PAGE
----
Arkansas Lawmaker Says He Attended KKK Rally (While Blasting Former Colleague For 'Racism')

wilkins-butchRep. Butch Wilkins (D-Bono) admitted in a Facebook post last week that he attended a Ku Klux Klan rally in the 1960s.
According to Wilkins’ post last Sunday, “very much the same words” that were used at the KKK rally were used in a recent guest column in the Jonesboro Sun. That day, former State Rep. Jon Hubbard was the only guest columnist in the local paper. Hubbard is presumably who Wilkins was referring to:

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The post has since been deleted from Wilkins’s page.
After reading Hubbard’s guest column, I contacted Wilkins for further comment. Hubbard’s article only made one mention of race and it was actually a statement against racism, calling for unity across racial lines. Wilkins initially confirmed that his statement was in reference to Hubbard. “Yeah, more or less, yeah,” he said. So, what specifically did Hubbard say that, according to Wilkins, were “very much the same words” used at a KKK rally?

I don’t know. I don’t really know. I never named Jon Hubbard. I don’t really know what it was now. I went to a KKK thing when I was probably…my first year out of high school. It was north of Jonesboro. It’s been a long time ago. But I don’t know specifically..it’s the whole hate thing, I think, that seems to be talked about more and more by some of these guest columnists in the Jonesboro Sun. The Agenda 21 stuff and all that kind of stuff. It’s just racist to me, a lot of it. And that’s where I stand on it.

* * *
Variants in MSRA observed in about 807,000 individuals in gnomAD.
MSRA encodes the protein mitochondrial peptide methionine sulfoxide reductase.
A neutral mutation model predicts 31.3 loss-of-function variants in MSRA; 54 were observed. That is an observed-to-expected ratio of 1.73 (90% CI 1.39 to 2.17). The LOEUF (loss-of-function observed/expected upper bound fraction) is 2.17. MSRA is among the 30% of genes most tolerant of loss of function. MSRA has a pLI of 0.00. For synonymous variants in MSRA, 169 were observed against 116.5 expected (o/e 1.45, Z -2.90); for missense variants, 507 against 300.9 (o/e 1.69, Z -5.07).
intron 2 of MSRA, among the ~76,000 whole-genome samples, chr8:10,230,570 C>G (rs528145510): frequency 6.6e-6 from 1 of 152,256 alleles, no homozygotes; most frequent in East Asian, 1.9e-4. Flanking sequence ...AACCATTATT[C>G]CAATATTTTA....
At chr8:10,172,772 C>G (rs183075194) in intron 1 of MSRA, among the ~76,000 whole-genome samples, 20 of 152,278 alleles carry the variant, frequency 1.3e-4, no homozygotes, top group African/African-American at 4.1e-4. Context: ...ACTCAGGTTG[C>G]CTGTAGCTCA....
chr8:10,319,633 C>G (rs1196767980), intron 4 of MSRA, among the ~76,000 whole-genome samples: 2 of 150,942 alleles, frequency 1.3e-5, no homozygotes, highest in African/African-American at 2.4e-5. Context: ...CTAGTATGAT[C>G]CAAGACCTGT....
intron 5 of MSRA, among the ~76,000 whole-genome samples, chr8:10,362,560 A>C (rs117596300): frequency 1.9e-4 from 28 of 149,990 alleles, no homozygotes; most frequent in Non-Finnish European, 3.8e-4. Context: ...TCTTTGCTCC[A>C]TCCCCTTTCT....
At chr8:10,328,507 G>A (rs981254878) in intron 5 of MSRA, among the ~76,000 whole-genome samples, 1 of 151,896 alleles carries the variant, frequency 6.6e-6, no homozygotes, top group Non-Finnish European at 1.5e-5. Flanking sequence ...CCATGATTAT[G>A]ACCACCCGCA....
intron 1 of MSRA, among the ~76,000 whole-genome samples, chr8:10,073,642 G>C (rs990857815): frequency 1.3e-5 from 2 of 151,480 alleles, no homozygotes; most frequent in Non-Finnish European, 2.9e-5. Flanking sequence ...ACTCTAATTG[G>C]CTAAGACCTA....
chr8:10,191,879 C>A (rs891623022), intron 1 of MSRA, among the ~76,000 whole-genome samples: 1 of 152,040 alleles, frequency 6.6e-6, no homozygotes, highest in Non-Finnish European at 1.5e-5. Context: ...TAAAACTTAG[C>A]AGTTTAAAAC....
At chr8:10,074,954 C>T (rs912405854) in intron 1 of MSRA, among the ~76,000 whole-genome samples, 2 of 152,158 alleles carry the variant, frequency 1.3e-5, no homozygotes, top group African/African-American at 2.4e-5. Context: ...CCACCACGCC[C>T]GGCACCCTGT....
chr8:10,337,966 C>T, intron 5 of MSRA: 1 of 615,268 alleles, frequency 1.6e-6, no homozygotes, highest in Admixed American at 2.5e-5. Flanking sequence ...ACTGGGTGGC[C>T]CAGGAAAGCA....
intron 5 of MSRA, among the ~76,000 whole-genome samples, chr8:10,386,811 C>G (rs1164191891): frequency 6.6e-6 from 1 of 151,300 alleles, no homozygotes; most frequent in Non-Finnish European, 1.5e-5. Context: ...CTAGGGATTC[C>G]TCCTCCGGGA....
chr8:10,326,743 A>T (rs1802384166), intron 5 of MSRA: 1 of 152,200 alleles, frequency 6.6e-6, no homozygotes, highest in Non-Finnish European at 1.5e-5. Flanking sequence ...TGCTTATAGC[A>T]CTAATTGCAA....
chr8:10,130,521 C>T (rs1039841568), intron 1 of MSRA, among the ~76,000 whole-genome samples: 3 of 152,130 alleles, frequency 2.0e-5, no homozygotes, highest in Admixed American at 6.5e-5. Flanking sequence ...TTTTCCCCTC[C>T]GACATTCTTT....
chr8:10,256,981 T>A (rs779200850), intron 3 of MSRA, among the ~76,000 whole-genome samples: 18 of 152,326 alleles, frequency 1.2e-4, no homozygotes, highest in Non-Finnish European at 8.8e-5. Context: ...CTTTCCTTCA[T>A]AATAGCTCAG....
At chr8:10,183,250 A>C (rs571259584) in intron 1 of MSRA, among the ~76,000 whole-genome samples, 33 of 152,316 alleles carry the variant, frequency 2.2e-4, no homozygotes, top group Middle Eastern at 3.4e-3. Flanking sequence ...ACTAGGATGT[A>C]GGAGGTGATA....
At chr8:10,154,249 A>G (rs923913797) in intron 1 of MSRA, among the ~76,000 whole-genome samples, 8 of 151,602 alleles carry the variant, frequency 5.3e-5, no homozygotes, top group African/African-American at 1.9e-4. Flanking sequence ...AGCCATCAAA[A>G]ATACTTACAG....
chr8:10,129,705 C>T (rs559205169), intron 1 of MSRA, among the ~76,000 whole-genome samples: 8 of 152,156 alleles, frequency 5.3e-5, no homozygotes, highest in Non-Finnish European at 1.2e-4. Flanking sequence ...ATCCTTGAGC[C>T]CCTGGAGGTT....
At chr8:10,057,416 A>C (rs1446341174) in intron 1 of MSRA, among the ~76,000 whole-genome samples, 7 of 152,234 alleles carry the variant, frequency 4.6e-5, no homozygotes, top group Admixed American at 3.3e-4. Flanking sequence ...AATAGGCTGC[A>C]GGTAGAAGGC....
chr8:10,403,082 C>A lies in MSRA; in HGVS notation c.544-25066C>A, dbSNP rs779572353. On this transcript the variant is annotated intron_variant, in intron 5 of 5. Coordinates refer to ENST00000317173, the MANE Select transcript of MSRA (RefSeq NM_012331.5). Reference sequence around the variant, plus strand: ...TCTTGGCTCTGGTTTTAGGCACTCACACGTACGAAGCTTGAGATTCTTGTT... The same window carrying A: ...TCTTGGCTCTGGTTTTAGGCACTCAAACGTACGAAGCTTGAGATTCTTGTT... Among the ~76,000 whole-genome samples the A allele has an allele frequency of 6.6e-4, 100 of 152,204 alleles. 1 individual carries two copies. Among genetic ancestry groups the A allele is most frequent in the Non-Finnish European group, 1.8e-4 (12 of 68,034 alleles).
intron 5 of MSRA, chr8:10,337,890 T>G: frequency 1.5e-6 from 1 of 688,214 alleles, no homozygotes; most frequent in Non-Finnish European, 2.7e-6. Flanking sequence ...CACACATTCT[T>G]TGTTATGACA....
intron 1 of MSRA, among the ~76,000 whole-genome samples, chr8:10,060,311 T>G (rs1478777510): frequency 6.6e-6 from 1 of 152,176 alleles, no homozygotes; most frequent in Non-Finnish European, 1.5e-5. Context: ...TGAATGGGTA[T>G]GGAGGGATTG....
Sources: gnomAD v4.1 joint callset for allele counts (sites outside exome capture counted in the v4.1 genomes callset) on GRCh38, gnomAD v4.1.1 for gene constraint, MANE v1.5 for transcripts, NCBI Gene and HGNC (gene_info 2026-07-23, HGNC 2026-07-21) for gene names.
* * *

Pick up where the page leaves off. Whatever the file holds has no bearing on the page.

Criticizing Agenda 21 is racist? That’s news to me — and it’s hard to see how that’s quite as racist as (just for instance) the KKK. Wilkins continued:

I don’t even know that I completely read Hubbard. I don’t read much of his stuff. It’s the same old crap over and over.

Wilkins then modified his initial claim that he was talking about Hubbard:

It was general. It wasn’t necessarily Hubbard. It’s just a lot of the hate stuff seems to be going on now.

I asked Wilkins how it came about that he attended a Klan meeting. Wilkins said:

Oh, I was a teenage boy and I had no idea what was going on. Somebody said ‘let’s go,’ and I said, ‘Let’s go.’ You know I never was involved in anything like that. I seen a few of their rallies over here. I spent…or, their demonstrations later on in law enforcement. We had to show up a lot of times where they were supposed to be and all that kind of stuff. That was…I was probably 19 years old, so it’s nearly been 50 years ago. So that’s a long time. But I didn’t have no interest in it. I just happened to go with another guy.

Just “happened to go” to a KKK rally? Oh, that makes sense: I mean, who hasn’t?
I will say, in fairness, Rep. Wilkins would be far from the first person in the world — or even in “the early 1960s” — to make incredibly stupid or offensive choices at the age of 19. But accusing a newspaper columnist of sounding just like a KKK speaker is, for multiple reasons, a mistake as well (even if you do have first-hand knowledge of what’s said at those meetings). It’s not a mistake that was made by a 19-year-old, but by a senior citizen who is a third-term member of the state House of Representatives. It’s especially a mistake if the newspaper column in question said nothing racist at all — and it’s not a mistake that Rep. Wilkins can defend himself against by invoking his own youth and inexperience.

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